For those planning to work throughout the winter months, it’s essential to learn how to start a cold diesel engine. Doing so is essential to keeping your engine in working order for seasons to come. For many, however, this can be difficult.

How to Start a Cold Diesel Engine in Winter

The top two reasons why individuals typically encounter difficulties with cold diesel engines are gelled fuel and electrical failure. So, before facing dropping temperatures, cold diesel engine-powered machinery must be properly maintained. With this in mind, here are six tips for starting a diesel in cold weather and maintaining your equipment over time.

1. Do Not Underestimate Warm-Up Time

Giving your cold diesel engine time to warm up is essential. Before operating, you should always allow your equipment to warm up for at least five minutes – this will allow the hydraulic oil to warm. Failing to do so can make the engine work harder than necessary.

2. Consider Heating Options

There are several options available to you when it comes to heating your machinery and keeping it running smoothly.

  • An Electric Block Heater: This can heat up the coolant in-stream, which in turn can warm the engine blog and oil in the crankcase. This facilitates the turnover of the engine.
  • A Diesel-Fired Coolant Heater: This heater can allow you to heat up your engine in an area where electricity may not be readily available.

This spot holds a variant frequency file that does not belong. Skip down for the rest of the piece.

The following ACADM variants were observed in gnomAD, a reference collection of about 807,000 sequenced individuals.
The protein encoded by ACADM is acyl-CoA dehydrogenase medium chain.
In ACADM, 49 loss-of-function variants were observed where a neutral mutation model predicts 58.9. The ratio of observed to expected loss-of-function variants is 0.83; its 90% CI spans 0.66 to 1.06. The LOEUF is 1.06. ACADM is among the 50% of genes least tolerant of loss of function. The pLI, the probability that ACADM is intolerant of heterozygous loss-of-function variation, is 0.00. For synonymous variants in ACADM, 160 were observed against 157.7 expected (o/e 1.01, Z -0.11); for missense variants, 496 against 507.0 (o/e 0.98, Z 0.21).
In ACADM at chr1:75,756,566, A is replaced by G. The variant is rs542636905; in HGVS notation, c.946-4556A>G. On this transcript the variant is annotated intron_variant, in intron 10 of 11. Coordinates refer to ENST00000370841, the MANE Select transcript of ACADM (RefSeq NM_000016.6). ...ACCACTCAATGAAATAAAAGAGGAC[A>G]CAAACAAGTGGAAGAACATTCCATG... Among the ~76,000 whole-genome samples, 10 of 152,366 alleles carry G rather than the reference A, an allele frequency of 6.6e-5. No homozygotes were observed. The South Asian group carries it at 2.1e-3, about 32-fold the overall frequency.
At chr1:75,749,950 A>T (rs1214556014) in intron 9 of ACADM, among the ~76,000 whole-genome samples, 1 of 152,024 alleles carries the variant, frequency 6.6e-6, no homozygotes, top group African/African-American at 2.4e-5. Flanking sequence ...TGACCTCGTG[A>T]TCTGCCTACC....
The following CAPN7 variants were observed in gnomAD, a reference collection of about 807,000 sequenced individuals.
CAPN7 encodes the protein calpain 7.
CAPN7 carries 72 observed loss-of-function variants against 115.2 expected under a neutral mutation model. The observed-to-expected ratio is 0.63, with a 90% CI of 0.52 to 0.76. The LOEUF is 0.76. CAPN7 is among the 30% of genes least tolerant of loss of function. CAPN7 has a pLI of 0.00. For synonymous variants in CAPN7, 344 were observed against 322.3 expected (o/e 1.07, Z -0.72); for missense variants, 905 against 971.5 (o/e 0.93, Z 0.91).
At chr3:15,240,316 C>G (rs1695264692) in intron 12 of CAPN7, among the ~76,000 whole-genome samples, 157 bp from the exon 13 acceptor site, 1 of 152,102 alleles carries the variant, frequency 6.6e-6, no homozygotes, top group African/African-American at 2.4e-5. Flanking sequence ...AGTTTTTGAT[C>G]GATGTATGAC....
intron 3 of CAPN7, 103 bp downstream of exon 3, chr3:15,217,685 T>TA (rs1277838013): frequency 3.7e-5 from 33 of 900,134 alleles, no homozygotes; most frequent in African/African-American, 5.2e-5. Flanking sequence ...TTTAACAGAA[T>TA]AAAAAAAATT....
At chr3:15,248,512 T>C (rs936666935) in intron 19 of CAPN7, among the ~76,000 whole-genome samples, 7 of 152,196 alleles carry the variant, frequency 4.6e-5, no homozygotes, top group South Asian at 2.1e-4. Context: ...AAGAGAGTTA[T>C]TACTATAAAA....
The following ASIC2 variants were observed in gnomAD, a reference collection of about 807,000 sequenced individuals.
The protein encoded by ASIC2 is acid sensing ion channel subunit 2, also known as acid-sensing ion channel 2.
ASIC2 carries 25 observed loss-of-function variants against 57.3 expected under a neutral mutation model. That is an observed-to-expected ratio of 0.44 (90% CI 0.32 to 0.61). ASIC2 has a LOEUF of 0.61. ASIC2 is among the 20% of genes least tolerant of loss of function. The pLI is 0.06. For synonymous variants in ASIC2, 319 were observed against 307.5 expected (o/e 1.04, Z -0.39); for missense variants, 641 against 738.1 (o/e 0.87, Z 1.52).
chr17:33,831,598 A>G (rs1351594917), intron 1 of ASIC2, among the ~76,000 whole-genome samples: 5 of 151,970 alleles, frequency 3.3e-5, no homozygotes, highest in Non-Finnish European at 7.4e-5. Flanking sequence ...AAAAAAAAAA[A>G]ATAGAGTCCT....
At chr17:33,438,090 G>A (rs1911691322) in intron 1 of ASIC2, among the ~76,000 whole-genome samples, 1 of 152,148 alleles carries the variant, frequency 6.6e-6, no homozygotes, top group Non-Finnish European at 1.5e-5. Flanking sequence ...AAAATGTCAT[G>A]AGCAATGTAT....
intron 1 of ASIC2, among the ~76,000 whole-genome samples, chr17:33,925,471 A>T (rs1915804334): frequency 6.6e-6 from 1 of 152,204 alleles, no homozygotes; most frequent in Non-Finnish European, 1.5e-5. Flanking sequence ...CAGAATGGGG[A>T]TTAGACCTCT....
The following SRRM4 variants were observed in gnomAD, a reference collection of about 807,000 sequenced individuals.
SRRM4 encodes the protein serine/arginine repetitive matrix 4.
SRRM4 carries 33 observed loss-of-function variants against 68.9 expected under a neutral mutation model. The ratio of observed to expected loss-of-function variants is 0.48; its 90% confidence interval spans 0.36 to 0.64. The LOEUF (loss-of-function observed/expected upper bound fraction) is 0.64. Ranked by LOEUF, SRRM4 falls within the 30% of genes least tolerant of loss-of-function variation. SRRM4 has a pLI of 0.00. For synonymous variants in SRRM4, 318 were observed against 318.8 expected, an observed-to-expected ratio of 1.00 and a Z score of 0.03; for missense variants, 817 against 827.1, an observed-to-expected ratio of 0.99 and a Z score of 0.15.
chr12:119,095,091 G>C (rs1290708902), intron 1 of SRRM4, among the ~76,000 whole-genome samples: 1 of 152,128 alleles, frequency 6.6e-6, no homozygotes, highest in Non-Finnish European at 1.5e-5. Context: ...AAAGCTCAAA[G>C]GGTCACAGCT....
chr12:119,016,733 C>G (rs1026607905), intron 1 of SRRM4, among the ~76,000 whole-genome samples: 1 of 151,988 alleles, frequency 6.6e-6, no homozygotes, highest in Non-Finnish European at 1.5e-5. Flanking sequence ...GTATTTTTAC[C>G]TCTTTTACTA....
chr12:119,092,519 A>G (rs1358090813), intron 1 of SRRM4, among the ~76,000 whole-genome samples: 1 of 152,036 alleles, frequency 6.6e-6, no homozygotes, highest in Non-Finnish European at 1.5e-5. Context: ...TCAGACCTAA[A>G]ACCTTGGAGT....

• Glow Plugs: These can help you ignite cold fuel, and ether can heat the fuel-air mixture inside of a large-sized engine.
  • A Battery Tender: The cranking amperage of machinery batteries tend to diminish under colder temperatures. While machinery is prone to this kind of breakdown, a battery tender will remain effective so long as it is at full charge. Before winter, owners of cold-diesel machines would be wise to monitor battery cables. Bad connections reduce a battery’s ability to start a piece of machinery.

3. Keep Your Diesel Exhaust Fluid Thawed

If you intend to add DEF to your machinery at a later time, make sure that it is kept at a temperature above 12 degrees Fahrenheit to prevent it from freezing. Freezing does not affect the uptime of your equipment, but having the DEF prepared can ensure that it’s ready to be dispensed when necessary.

4. Address Frozen Fuel

A more common barrier to the smooth starting of machinery is diesel fuel forming wax crystals during winter. This impaired fuel will clog fuel filters and the engine will not run. One way to deter crystals from forming in the fuel is by using winter-blended diesel fuel, which reduces the temperature at which these crystal form.

Similarly, in the event that your fuel has frozen or gelled together, you’ll want to change the fuel filter and warm the fuel before you start the engine, according to the University of Tennessee Agricultural Extension Service. This will prevent the frozen fuel from blocking the flow from the tank to the injector pump.

5. Keep Your Engine in a Warm Area

If possible, store your diesel engine in a warm area where it will not be exposed to elements, such as sleet and snow. Keeping the engine in an area where the temperature is even a few degrees warmer can make it quicker to warm up.

6. Make Sure Your Fuel Tank is Full

Condensation in a fuel tank can eventually freeze and cause just as many problems as gelled fuel. Try to keep your fuel tank full to eliminate any space for condensation to build up in the cold weather. A winter diesel fuel additive can potentially reduce the risk of your fuel freezing up as well.

If you have any questions about John Deere equipment, you can contact your local John Deere dealer.

If you enjoyed this post or want to read others, feel free to connect with us on FacebookPinterest, or Twitter!

You might also like: